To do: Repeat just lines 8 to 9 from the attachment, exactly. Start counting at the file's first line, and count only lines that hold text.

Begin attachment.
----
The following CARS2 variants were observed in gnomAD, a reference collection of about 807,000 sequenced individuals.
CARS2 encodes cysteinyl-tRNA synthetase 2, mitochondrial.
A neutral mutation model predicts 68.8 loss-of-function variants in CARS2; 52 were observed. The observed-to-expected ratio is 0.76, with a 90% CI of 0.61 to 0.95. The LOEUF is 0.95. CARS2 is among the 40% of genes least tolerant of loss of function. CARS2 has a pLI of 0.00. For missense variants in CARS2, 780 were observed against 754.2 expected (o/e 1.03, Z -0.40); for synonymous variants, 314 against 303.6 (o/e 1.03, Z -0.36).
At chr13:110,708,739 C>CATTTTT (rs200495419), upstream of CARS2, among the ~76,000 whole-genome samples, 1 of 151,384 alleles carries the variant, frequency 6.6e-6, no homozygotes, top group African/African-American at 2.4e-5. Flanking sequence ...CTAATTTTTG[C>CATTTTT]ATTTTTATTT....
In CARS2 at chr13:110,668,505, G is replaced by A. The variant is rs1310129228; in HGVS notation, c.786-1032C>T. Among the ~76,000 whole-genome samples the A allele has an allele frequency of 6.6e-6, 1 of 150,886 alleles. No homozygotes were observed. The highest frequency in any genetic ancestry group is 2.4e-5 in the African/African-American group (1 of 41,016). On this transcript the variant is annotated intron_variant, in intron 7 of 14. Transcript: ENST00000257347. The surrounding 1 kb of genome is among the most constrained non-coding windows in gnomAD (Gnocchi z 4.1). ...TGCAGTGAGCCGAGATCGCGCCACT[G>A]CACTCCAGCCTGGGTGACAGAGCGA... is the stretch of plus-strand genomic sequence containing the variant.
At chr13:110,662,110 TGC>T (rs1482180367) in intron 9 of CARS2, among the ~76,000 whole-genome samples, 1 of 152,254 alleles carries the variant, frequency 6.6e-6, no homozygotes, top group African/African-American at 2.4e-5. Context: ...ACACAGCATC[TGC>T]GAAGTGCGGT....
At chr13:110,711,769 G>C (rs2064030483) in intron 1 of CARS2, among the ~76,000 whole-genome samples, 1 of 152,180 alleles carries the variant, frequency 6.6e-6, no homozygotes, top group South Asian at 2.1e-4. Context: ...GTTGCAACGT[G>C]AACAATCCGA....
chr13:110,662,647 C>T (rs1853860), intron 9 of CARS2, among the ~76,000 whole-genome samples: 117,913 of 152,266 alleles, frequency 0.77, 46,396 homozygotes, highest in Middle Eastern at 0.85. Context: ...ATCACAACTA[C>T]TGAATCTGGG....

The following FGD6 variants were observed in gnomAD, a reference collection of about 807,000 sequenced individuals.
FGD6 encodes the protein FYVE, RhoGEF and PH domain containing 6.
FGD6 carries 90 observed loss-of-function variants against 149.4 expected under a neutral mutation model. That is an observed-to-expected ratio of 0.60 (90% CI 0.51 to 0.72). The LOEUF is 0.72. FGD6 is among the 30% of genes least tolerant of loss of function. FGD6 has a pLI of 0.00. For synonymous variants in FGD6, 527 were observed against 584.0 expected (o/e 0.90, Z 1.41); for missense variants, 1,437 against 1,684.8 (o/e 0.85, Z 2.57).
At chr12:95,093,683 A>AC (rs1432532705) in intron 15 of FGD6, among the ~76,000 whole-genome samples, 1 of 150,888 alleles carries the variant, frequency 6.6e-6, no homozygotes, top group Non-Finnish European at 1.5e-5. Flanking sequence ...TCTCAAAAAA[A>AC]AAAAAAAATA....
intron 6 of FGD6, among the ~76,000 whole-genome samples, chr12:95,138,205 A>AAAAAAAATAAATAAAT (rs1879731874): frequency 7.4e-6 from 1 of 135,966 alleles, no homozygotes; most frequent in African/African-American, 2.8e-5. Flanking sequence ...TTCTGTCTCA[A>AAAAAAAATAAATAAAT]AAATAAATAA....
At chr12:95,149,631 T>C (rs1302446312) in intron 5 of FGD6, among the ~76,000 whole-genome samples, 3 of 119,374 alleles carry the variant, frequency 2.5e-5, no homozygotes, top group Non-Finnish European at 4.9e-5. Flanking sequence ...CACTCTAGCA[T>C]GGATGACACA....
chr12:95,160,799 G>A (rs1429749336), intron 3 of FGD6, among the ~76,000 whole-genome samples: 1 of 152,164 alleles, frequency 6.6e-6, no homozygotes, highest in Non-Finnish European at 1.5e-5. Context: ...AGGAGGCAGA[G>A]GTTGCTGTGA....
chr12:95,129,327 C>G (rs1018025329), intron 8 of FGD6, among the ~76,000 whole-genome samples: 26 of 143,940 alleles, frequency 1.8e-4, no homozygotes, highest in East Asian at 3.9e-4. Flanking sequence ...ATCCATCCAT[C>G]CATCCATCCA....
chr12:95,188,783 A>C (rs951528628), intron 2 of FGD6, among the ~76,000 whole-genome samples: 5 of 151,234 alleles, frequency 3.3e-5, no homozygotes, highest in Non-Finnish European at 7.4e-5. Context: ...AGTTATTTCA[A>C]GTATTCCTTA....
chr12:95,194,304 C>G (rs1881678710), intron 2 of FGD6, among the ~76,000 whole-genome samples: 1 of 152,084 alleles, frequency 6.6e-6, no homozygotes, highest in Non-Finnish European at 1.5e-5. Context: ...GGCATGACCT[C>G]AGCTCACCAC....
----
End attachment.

chr13:110,662,647 C>T (rs1853860), intron 9 of CARS2, among the ~76,000 whole-genome samples: 117,913 of 152,266 alleles, frequency 0.77, 46,396 homozygotes, highest in Middle Eastern at 0.85. Context: ...ATCACAACTA[C>T]TGAATCTGGG....

The following FGD6 variants were observed in gnomAD, a reference collection of about 807,000 sequenced individuals.